Skip the Christmas roast for a barbecue

Traditional roasts are more suited to the white Christmases in the northern hemisphere, while an Aussie summer means getting outdoors and preparing our Christmas lunches on the barbecue.

Butcher Mark Lavender. Picture: SYLVIA LIBER

Butcher Mark Lavender. Picture: SYLVIA LIBER

People still go for the traditional ham, pork, turkey and chicken, but when it comes to meat cuts for the barbie, the big four are T-bone, rump, scotch fillet and boneless sirloin (otherwise known as the New York or porterhouse).

Lakeline Butchery's Mark Lavender, who's been slicing it up for more than 30 years, says barbecues are always the preferred Christmas get-together in the Illawarra, as the weather pushes people outside.

"It goes with the Christmas trend where everyone wants to relax."

And the favourite cut for Christmas, says the Kanahooka butcher, is the boneless sirloin, preferably about two inches thick.

"People are going for the New York even though it might be dearer, but it's the other side of the T-bone [minus the bone]," he says.

There's plenty of other choices to spread across the table, including kangaroo rump steak, lamb burgers, flavoured sausages, peppered steaks, pork cutlets, kebabs and spit roasts.

"Kangaroo rump is quite popular and people like to marinate it. They like it because it's low in cholesterol," he says.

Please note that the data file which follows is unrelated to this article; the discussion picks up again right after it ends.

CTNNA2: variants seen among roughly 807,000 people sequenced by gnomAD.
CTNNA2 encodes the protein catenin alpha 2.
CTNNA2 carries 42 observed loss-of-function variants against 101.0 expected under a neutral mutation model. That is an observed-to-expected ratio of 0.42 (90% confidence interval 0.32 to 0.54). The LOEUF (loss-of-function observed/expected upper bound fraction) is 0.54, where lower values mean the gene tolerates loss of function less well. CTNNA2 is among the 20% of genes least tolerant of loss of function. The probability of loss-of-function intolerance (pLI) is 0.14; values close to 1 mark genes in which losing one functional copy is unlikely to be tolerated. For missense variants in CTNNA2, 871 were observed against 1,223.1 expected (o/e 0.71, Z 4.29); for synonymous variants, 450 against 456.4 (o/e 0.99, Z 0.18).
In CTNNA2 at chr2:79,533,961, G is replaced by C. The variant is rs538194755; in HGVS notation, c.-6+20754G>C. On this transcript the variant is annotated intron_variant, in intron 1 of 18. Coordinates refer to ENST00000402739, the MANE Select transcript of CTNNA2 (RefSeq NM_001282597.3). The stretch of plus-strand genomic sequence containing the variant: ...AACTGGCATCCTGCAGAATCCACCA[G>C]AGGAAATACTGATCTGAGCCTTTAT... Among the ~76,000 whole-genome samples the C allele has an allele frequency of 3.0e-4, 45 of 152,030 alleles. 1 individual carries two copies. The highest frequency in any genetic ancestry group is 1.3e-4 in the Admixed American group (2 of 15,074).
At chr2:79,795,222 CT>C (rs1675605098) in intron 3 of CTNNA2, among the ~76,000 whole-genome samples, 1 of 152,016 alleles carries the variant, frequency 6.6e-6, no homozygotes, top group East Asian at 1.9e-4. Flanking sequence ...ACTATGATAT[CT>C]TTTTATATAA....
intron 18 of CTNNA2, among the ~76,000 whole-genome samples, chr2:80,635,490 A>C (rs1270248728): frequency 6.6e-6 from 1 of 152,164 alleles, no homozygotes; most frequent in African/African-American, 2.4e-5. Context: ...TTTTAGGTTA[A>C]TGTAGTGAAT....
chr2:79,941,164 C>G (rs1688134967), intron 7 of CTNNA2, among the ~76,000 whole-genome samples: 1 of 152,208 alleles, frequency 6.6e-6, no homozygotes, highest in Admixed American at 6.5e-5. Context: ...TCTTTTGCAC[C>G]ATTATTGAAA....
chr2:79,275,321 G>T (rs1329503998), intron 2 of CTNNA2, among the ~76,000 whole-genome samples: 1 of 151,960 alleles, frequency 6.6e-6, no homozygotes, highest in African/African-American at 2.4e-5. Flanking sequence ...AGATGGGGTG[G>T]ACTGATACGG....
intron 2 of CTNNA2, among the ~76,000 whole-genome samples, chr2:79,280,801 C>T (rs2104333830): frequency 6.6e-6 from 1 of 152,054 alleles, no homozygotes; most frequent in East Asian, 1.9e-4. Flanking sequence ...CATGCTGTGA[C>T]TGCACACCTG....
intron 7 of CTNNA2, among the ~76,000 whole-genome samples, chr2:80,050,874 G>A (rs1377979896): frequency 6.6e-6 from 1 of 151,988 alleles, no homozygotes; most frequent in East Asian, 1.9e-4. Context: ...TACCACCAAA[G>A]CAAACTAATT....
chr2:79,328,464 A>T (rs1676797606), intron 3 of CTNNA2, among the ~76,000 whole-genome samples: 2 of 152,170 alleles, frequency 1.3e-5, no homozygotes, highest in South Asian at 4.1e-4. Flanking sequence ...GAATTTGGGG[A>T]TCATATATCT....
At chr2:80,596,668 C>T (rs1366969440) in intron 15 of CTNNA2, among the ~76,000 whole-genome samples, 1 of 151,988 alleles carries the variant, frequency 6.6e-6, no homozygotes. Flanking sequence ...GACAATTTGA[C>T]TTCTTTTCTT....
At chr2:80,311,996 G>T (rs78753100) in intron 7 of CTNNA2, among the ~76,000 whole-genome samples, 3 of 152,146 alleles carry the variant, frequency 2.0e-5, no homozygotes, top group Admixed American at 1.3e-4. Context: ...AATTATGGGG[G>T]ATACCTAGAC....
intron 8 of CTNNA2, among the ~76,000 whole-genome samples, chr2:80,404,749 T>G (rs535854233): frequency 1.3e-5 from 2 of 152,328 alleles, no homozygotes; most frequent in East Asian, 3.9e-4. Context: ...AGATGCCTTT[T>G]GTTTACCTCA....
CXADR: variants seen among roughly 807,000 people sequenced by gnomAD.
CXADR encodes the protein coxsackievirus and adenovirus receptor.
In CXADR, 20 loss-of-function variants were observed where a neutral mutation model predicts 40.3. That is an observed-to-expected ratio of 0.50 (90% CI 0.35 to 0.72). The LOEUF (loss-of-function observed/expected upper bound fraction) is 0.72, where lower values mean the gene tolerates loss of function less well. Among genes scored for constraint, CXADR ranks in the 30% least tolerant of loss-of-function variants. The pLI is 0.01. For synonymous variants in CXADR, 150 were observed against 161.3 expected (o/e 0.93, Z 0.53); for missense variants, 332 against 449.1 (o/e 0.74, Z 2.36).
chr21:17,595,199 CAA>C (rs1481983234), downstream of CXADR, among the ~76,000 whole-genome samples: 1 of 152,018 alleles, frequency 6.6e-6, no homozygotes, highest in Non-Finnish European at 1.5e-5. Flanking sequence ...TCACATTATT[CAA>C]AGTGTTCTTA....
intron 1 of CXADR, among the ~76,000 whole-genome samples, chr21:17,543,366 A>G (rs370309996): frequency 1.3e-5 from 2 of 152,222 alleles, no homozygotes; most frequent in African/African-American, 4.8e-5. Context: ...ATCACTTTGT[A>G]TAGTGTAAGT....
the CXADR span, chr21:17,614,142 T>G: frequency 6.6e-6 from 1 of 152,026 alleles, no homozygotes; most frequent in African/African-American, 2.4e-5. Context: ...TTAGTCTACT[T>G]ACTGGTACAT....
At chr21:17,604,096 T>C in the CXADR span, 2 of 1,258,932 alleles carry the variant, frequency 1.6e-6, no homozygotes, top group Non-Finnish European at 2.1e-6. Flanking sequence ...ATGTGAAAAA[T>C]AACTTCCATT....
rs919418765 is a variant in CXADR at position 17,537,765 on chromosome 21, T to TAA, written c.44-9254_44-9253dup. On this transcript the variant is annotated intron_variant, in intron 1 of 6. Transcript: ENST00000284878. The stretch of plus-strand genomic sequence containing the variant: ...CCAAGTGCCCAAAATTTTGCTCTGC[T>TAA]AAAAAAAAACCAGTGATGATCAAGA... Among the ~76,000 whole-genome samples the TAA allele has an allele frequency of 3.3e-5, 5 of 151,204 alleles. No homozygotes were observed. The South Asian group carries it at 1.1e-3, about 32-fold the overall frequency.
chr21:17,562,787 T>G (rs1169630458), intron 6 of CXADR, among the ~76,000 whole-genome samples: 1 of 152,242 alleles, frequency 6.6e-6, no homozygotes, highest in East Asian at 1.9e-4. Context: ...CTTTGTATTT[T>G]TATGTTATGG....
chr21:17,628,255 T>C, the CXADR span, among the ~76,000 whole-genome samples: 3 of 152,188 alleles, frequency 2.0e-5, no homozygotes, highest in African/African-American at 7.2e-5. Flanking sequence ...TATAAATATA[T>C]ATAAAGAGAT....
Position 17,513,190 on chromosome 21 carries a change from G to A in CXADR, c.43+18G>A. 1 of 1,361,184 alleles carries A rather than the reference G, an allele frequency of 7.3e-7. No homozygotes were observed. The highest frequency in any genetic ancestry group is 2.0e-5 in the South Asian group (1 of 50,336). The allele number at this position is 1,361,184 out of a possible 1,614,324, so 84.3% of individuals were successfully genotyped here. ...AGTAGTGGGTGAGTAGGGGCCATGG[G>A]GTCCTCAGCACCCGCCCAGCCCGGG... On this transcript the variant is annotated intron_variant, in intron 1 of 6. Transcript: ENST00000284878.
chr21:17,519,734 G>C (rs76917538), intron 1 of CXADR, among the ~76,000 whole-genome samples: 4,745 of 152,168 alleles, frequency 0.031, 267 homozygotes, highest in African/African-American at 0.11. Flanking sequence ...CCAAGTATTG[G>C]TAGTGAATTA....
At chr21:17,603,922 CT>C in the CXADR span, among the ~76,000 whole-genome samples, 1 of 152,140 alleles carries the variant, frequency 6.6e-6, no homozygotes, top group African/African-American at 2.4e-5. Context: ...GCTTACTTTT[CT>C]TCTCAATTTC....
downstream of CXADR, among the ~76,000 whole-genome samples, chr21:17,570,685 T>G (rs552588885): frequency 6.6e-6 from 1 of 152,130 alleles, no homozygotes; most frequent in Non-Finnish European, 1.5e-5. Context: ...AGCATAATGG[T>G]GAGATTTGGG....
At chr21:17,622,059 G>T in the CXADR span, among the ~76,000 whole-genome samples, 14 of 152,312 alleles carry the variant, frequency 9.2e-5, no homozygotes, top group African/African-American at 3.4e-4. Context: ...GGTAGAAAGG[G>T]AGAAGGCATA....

Butchers can help with steak selection, cutting it to the required thickness, and knowing what the cattle have been fed on - which determines the meat's colour.

For example, Lavender's meat is from milk-fed cattle, so it has a lighter colour.

Lavender says the important things to consider for achieving a good barbecued steak is its thickness and cooking it just right. Even a perfect steak can be ruined by over-cooking.

"I don't have my barbecue too hot to start with," he explains.

"I seal the meat on the outside, seal the juices and then turn the barbecue down. If you cook it grey all the way, then it's still got all the juices."

Roast spits are also enshrined in Aussie outdoor cooking culture.

"People like to sacrifice whole animals at Christmas ... goats, suckling pigs, whole lambs," Lavender says.

But he points out that the downside to spits is they generally take between three to seven hours to cook, and within that time many people at the get-together have had too many drinks to successfully carve the meat properly.

This is why the boneless spits are becoming more popular. For successful spit roasts, an internal thermometer should be inserted into the thickest part of the meat to ensure it's properly cooked.


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